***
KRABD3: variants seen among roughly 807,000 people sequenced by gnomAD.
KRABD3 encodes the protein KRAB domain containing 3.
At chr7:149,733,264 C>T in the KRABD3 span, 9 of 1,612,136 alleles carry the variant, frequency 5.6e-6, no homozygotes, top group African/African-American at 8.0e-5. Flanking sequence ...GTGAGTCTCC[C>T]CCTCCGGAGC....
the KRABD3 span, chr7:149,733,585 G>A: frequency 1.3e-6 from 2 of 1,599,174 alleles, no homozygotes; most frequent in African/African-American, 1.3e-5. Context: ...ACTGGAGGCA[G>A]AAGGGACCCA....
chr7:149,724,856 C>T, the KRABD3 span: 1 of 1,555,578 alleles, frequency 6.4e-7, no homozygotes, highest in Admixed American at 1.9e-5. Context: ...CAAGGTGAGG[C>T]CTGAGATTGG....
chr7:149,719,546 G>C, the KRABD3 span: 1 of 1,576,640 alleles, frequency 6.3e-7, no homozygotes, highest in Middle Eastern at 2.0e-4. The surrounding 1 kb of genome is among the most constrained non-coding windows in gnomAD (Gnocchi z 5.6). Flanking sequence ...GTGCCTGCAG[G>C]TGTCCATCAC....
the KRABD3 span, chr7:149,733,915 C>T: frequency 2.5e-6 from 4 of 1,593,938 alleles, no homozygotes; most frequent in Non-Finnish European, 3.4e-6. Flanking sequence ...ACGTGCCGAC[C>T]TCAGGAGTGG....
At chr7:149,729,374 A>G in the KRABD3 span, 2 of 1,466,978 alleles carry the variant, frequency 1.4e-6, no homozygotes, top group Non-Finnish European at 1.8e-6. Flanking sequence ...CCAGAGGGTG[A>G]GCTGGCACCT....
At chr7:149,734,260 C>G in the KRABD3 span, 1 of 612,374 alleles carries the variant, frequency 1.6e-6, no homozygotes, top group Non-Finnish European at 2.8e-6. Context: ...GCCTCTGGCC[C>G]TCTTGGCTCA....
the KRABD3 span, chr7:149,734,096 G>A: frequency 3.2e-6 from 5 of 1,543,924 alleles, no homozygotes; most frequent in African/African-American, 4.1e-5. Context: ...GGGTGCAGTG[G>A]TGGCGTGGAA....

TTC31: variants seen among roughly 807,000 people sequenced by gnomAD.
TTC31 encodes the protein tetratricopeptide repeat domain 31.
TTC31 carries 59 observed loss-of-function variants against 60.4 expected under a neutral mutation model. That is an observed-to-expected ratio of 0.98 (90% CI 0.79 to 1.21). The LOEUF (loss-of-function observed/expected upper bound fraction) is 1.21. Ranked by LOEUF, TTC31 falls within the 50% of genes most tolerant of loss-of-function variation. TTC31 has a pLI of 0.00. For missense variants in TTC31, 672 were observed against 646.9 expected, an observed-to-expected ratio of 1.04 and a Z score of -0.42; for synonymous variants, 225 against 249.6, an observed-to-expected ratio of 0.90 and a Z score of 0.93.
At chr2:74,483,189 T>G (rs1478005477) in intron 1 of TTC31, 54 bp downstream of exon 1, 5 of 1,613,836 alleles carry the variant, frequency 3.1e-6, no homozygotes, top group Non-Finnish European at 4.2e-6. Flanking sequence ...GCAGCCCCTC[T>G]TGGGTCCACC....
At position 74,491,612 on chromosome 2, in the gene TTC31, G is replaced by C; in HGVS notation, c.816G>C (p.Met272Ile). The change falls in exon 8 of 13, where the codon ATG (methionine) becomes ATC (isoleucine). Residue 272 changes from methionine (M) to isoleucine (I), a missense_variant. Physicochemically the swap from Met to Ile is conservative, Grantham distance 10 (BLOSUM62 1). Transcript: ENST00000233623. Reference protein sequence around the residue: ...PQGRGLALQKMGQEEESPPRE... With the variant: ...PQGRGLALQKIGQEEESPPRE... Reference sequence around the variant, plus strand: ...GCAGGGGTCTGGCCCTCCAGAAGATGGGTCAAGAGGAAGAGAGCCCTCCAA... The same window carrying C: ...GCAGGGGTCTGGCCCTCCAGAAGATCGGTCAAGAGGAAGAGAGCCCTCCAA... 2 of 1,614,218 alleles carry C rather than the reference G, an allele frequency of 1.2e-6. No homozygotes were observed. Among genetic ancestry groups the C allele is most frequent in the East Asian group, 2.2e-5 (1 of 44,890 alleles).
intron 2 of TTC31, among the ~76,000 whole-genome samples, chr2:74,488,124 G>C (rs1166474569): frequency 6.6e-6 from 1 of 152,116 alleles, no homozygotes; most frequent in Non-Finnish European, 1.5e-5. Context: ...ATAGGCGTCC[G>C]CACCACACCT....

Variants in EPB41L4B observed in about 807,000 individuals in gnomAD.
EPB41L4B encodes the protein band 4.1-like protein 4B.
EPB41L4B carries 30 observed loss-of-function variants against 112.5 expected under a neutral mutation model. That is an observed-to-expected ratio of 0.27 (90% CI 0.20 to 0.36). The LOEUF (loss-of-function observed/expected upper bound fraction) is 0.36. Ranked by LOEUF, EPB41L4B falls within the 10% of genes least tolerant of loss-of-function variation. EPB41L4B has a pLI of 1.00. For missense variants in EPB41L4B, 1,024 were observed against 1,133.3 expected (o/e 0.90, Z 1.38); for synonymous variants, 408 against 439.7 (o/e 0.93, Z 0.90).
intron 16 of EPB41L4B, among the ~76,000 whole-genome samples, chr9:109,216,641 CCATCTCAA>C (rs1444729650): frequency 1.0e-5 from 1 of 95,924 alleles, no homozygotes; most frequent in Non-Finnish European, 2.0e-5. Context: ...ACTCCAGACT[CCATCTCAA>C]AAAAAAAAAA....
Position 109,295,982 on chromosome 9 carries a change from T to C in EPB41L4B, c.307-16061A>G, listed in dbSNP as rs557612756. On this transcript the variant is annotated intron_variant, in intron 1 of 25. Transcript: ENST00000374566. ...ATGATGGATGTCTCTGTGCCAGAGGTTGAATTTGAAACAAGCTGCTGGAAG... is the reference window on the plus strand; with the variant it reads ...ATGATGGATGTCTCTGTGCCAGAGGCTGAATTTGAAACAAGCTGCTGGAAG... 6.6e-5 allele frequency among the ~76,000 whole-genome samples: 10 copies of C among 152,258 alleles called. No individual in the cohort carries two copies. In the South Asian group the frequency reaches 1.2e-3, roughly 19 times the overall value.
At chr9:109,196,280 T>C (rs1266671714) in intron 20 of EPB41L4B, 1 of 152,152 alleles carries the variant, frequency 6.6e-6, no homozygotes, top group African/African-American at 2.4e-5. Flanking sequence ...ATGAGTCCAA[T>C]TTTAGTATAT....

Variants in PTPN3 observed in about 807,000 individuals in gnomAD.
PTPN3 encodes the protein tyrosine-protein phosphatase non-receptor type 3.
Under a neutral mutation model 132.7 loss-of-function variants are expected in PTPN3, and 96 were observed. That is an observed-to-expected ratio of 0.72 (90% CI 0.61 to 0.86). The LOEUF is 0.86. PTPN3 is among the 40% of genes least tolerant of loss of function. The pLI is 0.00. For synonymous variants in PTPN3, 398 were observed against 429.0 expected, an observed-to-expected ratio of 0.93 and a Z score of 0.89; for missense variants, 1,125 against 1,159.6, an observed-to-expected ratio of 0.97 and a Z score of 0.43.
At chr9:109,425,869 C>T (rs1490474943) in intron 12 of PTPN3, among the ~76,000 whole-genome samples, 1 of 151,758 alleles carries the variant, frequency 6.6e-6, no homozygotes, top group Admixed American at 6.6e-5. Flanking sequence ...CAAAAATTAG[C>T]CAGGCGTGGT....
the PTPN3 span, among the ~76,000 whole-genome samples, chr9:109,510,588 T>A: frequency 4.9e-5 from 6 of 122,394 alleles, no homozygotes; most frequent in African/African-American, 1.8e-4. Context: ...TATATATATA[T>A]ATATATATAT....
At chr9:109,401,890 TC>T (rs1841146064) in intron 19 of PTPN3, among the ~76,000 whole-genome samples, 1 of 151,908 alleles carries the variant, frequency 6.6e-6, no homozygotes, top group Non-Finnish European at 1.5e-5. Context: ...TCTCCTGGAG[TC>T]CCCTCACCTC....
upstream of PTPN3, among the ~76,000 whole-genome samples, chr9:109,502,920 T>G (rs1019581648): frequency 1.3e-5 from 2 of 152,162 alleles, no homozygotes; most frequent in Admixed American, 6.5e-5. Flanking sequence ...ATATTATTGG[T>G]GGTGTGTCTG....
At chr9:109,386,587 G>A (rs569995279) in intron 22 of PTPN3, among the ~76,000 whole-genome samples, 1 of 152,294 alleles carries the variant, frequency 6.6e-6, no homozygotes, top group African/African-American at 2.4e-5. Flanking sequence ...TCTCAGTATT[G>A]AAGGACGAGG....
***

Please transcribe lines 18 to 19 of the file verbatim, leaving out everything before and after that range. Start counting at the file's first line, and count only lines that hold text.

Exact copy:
EPB41L4B encodes the protein band 4.1-like protein 4B.
EPB41L4B carries 30 observed loss-of-function variants against 112.5 expected under a neutral mutation model. That is an observed-to-expected ratio of 0.27 (90% CI 0.20 to 0.36). The LOEUF (loss-of-function observed/expected upper bound fraction) is 0.36. Ranked by LOEUF, EPB41L4B falls within the 10% of genes least tolerant of loss-of-function variation. EPB41L4B has a pLI of 1.00. For missense variants in EPB41L4B, 1,024 were observed against 1,133.3 expected (o/e 0.90, Z 1.38); for synonymous variants, 408 against 439.7 (o/e 0.93, Z 0.90).